We climbed a few steps to reach a teenage audience. Shonen is the masculine side and is aimed at school children, high school and high school students. Most stories will highlight a youthful hero that the reader can easily identify with but, because manga is all about entertainment and twists, this hero will have a hidden talent that will allow him to surpass himself and "achieve great things.".
One of the best known subgenres of shonen is undoubtedly the "Nekketsu" shonen, where the hero is usually left orphaned and naive but eager to surpass himself by embarking on the great adventure of fighting for good with the group of friends of he. (Dragon Ball, One Piece, Naruto)
The shojo means "girl" and is therefore intended for an audience of schoolgirls, college girls, and high school students. The stories that take place in this genre are stories of adolescent life (love, friendship, school).
In subgenre, we can find the "Magical Shojo" that uses fantasy as a backdrop (Sailor Moon, Sakura), or the "Shojo Romance" for all those who swear by the rose water stories (Nana, Fruits Basket).
THE YOUNG SEINEN
This type of manga sits right between shonen and seinen and is aimed at high school and college students (Booking Life, Happy Mania)
For young adults. These manga become various topics such as religion, terror, fantasy, science fiction but also sentimental intrigues or the chronicles of everyday life. The seinen really do tackle all subjects in atmospheres from the most sober to the most extravagant. (Berserk, Samurai Champloo).
Also called the ladies comic, the josei is the replica of the seinen but for young women. Seduction, romantic and sexual relationships are usually the main themes of these stories, as are the concerns of the heroines who often touch celibacy, work, in search of the ideal partner. (Nonamour, Beijing Roaring Twenties)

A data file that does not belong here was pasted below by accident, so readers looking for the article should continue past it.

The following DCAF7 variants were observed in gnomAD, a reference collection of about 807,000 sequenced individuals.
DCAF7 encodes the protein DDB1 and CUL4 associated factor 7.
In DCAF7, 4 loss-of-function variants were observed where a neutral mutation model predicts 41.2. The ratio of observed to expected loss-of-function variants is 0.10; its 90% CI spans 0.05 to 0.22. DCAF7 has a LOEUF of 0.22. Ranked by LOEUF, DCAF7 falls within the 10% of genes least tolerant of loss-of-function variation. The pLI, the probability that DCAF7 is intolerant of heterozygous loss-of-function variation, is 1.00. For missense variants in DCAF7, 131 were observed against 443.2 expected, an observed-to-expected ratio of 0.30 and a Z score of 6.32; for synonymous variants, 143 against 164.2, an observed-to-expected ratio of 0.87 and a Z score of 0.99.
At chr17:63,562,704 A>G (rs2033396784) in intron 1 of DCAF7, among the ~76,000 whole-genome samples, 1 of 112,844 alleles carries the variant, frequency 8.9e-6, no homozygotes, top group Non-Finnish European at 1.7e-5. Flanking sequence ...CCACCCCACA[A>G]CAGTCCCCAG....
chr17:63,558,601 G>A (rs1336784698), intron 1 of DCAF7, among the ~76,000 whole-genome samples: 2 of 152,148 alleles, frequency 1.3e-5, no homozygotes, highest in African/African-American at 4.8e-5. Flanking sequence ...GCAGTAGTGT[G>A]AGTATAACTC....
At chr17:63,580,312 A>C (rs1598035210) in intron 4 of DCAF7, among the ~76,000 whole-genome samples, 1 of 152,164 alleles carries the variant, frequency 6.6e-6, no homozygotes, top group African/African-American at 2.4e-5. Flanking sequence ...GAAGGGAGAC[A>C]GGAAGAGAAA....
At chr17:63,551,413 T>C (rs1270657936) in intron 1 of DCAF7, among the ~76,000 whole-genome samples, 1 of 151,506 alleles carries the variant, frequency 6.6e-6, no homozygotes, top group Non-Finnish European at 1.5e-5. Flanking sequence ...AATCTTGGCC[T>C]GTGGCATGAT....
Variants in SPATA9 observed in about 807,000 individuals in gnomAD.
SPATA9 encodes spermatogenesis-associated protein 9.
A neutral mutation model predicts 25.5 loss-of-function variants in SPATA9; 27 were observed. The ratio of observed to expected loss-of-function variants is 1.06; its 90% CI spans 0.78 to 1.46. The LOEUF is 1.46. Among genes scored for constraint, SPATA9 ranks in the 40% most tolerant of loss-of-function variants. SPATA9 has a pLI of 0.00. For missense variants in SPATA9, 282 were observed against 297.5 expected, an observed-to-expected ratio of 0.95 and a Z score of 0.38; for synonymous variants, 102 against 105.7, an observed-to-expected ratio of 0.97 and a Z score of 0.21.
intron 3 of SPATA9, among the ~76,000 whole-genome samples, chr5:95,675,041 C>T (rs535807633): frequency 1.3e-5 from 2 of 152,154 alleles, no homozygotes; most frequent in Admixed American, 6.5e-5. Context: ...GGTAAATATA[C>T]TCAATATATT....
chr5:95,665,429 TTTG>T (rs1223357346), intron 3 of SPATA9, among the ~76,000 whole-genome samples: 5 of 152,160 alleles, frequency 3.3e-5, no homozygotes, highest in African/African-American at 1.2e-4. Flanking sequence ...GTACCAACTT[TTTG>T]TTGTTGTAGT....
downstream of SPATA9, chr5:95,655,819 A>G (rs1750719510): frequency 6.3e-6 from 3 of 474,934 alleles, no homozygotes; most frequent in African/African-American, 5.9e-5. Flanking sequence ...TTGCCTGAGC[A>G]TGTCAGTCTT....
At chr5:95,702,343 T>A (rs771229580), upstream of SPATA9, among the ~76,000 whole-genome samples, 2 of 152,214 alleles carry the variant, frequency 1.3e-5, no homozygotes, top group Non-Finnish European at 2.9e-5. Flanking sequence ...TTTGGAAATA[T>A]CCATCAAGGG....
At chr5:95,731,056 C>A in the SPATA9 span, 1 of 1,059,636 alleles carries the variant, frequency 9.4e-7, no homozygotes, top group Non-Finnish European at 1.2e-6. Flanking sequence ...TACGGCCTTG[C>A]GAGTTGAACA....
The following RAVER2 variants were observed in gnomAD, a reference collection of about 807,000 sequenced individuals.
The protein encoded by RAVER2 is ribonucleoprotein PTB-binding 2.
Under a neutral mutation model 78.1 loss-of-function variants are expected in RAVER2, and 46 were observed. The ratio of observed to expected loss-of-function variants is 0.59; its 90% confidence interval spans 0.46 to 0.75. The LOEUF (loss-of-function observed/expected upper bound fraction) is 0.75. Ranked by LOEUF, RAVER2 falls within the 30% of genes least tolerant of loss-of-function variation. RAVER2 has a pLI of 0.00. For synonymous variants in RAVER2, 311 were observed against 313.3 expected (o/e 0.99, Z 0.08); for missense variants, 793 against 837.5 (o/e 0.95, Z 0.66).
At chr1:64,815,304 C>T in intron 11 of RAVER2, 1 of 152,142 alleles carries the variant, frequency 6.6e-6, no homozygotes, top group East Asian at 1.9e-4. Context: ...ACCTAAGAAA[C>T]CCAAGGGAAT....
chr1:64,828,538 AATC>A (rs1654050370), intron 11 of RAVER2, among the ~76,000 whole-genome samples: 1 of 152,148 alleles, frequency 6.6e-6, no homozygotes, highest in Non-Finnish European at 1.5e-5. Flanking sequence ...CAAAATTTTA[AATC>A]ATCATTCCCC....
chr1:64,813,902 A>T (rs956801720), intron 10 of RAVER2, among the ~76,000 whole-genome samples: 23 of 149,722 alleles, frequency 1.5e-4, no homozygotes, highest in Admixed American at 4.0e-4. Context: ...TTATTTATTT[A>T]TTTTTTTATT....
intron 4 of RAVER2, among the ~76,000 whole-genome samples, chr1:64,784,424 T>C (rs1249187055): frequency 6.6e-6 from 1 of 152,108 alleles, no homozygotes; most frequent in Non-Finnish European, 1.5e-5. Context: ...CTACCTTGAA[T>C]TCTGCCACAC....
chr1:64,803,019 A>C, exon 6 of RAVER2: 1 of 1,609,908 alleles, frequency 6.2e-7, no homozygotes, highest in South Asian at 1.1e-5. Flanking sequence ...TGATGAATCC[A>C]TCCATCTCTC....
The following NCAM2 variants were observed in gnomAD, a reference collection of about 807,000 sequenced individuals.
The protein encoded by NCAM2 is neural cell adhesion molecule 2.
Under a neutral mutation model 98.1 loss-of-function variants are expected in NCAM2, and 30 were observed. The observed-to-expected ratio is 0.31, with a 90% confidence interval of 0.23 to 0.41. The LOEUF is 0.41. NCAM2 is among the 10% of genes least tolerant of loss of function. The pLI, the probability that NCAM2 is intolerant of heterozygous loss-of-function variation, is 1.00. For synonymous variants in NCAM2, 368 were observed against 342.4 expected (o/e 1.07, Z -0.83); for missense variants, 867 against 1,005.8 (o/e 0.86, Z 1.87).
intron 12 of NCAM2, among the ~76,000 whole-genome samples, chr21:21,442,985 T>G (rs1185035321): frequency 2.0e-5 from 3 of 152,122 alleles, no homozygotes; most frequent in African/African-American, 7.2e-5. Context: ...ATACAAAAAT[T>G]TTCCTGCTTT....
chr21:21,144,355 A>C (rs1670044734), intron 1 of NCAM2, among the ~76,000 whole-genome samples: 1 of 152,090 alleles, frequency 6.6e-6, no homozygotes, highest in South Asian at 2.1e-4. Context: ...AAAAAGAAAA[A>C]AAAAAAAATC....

HENTAI This is for people over 18 years of age. We will say no more! But we can still thank the Japanese and their overflowing imagination.
7. What is the difference between a manga and an anime?
The difference is quite simple: while manga is a Japanese comic printed on paper, anime is a Japanese cartoon that is sometimes also called "japanime" or "japanimation".
8. What is the longest sleeve?
Kochira Katsushika-ku Kameari koen mae hashutsujo (1976-2016) is the longest manga, it has 200 volumes. It literally means "This is the police station in front of the Kameari park in the Katsushika district", but it is abbreviated as Kochikame. Who is your mangaka? Osamu Akimoto.
9. What is the best-selling and best-known manga in the world?
Eiichiro Odas One Piece is the best-known and best-selling manga with approximately 500 million sales. It is followed by the power of KAMEHAMEHA from Dragon Ball by Akira Toriyama and that of Naruto by Masashi Kishimoto.
10. What are the best manga today?
One Piece (1997) by Eiichiro Oda
Dragon Ball (1984) by Akira Toriyama
Death Note (2009) by Takeshi Obata and Tsugumi Oba
Berserk (1990) by Kentaro Miura
Fullmetal Alchemist (2001) by Hiromu Arakawa
Akira (1982) by Katsuhiro Otomo
Naruto (1999) by Mashashi Kishimoto
Monster (1994) by Naoki Urasawa